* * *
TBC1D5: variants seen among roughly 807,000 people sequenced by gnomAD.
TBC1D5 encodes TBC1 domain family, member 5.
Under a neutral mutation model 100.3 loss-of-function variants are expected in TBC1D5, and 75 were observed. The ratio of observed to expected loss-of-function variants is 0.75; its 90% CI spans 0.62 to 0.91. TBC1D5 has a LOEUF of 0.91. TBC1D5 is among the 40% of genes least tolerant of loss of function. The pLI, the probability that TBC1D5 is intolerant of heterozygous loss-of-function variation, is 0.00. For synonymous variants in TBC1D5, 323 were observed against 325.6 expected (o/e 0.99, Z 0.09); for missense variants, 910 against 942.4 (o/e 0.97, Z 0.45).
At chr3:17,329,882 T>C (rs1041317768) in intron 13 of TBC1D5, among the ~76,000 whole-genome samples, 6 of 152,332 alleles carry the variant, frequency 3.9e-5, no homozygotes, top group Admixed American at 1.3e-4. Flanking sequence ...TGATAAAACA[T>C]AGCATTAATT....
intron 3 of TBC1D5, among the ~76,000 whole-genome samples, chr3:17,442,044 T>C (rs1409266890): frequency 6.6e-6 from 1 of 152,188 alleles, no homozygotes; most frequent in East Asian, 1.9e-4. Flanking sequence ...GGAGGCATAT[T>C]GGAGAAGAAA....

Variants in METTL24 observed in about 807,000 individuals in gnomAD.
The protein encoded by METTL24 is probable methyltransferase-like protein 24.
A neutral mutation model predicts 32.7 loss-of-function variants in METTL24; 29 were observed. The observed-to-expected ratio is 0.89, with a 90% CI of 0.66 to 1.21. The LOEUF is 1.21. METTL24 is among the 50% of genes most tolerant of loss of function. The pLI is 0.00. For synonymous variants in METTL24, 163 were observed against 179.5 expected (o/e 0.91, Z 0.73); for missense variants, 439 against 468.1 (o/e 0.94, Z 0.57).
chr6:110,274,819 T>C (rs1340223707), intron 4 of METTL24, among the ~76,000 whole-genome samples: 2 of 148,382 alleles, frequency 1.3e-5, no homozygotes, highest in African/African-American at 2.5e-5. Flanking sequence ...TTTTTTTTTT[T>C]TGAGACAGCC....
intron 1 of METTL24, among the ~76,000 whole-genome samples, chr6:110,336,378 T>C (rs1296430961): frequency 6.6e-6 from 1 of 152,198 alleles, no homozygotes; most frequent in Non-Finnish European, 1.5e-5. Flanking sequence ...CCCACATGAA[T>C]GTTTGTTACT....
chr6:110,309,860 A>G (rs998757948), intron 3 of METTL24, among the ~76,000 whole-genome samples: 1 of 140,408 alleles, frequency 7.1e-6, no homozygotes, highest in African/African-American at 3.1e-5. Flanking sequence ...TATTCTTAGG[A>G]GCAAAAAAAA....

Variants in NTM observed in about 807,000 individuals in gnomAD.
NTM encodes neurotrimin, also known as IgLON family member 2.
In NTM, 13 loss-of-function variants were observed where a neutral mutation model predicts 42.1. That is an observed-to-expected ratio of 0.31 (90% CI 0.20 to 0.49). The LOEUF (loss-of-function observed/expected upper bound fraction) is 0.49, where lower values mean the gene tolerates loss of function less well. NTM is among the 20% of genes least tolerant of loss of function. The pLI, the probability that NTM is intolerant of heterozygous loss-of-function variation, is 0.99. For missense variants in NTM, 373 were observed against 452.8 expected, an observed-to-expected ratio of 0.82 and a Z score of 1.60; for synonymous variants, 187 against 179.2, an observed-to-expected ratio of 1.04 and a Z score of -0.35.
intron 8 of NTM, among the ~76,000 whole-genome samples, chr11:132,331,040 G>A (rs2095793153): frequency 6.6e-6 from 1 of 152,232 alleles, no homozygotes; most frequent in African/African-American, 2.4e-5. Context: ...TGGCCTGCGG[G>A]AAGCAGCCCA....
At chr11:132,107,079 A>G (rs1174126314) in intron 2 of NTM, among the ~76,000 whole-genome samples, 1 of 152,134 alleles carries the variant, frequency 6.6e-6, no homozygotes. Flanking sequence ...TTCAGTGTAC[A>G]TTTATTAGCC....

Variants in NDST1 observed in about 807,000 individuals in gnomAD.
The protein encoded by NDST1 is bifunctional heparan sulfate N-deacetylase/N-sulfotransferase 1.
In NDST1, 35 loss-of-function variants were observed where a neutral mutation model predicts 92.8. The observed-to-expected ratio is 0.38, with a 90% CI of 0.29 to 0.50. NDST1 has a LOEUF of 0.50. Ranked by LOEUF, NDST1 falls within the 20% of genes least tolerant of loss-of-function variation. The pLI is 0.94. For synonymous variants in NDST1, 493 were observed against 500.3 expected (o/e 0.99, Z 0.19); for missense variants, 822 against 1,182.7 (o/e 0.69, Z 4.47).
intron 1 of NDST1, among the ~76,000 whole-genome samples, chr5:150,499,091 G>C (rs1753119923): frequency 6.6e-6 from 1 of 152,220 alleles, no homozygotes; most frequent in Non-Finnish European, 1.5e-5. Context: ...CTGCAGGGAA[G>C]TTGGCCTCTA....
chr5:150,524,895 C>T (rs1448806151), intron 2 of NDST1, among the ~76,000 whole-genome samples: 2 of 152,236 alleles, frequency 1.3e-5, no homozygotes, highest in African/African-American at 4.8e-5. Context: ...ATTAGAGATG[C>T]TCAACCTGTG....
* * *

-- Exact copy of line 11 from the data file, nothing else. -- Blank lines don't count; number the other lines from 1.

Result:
chr6:110,309,860 A>G (rs998757948), intron 3 of METTL24, among the ~76,000 whole-genome samples: 1 of 140,408 alleles, frequency 7.1e-6, no homozygotes, highest in African/African-American at 3.1e-5. Flanking sequence ...TATTCTTAGG[A>G]GCAAAAAAAA....